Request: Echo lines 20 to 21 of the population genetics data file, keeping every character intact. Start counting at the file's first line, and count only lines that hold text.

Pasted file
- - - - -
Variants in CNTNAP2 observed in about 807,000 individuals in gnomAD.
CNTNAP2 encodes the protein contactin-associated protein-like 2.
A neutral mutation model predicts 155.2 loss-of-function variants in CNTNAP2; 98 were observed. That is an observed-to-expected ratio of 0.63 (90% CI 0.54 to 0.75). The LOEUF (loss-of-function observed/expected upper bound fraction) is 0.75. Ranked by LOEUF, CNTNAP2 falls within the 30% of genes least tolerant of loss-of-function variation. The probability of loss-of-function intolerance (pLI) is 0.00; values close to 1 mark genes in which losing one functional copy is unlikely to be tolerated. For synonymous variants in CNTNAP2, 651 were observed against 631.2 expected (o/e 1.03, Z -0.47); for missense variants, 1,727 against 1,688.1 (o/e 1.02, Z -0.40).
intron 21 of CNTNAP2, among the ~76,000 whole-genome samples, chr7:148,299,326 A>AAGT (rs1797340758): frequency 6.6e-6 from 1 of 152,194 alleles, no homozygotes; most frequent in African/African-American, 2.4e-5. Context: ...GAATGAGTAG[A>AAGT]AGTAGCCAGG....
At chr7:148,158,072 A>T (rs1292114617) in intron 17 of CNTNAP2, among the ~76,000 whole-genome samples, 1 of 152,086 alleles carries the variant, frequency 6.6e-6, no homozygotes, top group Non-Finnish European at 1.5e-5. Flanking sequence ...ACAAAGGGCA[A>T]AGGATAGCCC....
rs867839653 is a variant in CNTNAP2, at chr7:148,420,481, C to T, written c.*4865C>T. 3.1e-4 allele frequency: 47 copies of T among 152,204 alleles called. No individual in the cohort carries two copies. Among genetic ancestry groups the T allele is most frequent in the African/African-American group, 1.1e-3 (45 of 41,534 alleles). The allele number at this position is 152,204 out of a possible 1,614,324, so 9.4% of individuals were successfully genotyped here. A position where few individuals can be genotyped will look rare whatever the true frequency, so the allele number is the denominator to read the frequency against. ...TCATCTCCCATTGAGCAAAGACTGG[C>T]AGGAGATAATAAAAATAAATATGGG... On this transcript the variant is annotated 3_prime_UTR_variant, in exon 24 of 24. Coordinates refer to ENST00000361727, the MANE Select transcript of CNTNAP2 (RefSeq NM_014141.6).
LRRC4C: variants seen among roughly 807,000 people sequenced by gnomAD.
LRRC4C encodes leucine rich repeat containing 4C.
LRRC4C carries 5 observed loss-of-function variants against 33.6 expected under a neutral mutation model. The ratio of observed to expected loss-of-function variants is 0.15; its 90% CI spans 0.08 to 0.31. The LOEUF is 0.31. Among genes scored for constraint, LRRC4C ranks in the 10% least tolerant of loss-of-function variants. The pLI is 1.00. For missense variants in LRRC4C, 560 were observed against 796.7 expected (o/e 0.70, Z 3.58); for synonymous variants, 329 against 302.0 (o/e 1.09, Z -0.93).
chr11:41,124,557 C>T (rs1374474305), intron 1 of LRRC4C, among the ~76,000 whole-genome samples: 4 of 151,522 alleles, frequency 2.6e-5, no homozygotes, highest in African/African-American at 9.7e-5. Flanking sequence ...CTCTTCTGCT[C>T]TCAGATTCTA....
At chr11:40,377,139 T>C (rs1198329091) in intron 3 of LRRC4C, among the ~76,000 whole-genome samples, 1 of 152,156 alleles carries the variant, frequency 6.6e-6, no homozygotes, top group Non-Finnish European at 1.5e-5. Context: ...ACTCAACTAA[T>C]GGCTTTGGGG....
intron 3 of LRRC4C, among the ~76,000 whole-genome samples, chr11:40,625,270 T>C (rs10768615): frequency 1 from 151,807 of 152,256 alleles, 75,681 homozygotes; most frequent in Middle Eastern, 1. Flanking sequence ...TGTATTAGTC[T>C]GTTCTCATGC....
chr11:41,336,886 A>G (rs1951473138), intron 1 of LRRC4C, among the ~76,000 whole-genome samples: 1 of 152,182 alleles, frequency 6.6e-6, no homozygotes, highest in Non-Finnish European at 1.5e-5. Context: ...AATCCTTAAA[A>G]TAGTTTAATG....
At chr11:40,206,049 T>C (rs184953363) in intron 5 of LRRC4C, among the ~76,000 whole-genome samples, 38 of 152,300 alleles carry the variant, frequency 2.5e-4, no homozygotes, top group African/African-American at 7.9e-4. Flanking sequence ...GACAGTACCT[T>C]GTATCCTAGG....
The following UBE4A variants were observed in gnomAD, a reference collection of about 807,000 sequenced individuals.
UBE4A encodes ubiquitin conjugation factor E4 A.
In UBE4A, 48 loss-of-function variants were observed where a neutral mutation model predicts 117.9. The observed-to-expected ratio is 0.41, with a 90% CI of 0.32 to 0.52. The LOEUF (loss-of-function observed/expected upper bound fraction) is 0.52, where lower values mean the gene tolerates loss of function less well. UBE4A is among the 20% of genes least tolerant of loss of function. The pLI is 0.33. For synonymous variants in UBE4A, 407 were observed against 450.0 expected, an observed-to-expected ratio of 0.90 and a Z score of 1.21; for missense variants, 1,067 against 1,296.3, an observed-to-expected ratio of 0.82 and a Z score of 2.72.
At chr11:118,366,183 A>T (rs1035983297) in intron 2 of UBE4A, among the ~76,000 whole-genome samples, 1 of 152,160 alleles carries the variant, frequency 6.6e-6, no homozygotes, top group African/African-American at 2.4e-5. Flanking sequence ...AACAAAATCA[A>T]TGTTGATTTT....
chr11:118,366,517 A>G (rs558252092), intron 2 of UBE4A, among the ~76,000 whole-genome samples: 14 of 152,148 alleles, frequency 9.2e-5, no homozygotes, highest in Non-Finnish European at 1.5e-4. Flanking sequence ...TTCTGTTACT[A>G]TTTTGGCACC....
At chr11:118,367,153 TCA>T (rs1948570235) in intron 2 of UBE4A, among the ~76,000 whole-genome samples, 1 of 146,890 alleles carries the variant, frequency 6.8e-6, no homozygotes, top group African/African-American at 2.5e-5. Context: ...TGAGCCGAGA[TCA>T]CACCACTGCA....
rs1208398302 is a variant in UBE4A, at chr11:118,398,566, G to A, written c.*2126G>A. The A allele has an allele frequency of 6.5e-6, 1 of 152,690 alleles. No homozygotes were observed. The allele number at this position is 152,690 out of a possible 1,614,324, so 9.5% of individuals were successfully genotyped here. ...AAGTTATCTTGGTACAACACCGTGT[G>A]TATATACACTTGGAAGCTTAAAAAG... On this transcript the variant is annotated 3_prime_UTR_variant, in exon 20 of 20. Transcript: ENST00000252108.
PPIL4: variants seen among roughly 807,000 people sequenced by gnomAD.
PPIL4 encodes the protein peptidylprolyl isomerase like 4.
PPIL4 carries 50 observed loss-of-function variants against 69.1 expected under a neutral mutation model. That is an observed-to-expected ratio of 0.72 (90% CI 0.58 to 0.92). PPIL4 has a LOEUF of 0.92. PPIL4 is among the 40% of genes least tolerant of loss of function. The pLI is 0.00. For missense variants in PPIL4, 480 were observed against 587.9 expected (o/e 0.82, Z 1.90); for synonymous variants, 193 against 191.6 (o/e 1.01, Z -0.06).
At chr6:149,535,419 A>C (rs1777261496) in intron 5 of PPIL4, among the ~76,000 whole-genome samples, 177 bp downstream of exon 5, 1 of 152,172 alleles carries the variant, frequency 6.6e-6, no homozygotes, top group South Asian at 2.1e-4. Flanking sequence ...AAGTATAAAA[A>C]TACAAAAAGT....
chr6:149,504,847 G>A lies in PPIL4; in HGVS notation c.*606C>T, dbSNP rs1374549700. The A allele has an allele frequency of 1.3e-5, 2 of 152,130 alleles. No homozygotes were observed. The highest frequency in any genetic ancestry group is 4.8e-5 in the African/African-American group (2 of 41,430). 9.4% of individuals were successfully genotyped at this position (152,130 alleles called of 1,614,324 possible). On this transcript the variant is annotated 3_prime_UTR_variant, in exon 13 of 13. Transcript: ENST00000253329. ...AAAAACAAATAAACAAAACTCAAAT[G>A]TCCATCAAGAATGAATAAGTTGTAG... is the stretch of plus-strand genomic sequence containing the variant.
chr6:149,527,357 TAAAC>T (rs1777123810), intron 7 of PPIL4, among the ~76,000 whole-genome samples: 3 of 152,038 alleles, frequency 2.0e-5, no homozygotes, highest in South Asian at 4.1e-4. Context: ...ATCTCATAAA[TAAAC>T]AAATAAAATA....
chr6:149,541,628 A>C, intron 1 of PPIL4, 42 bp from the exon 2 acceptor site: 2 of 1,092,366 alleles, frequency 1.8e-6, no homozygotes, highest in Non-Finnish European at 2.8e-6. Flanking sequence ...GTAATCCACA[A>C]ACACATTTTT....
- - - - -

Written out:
At chr11:118,367,153 TCA>T (rs1948570235) in intron 2 of UBE4A, among the ~76,000 whole-genome samples, 1 of 146,890 alleles carries the variant, frequency 6.8e-6, no homozygotes, top group African/African-American at 2.5e-5. Context: ...TGAGCCGAGA[TCA>T]CACCACTGCA....
rs1208398302 is a variant in UBE4A, at chr11:118,398,566, G to A, written c.*2126G>A. The A allele has an allele frequency of 6.5e-6, 1 of 152,690 alleles. No homozygotes were observed. The allele number at this position is 152,690 out of a possible 1,614,324, so 9.5% of individuals were successfully genotyped here. ...AAGTTATCTTGGTACAACACCGTGT[G>A]TATATACACTTGGAAGCTTAAAAAG... On this transcript the variant is annotated 3_prime_UTR_variant, in exon 20 of 20. Transcript: ENST00000252108.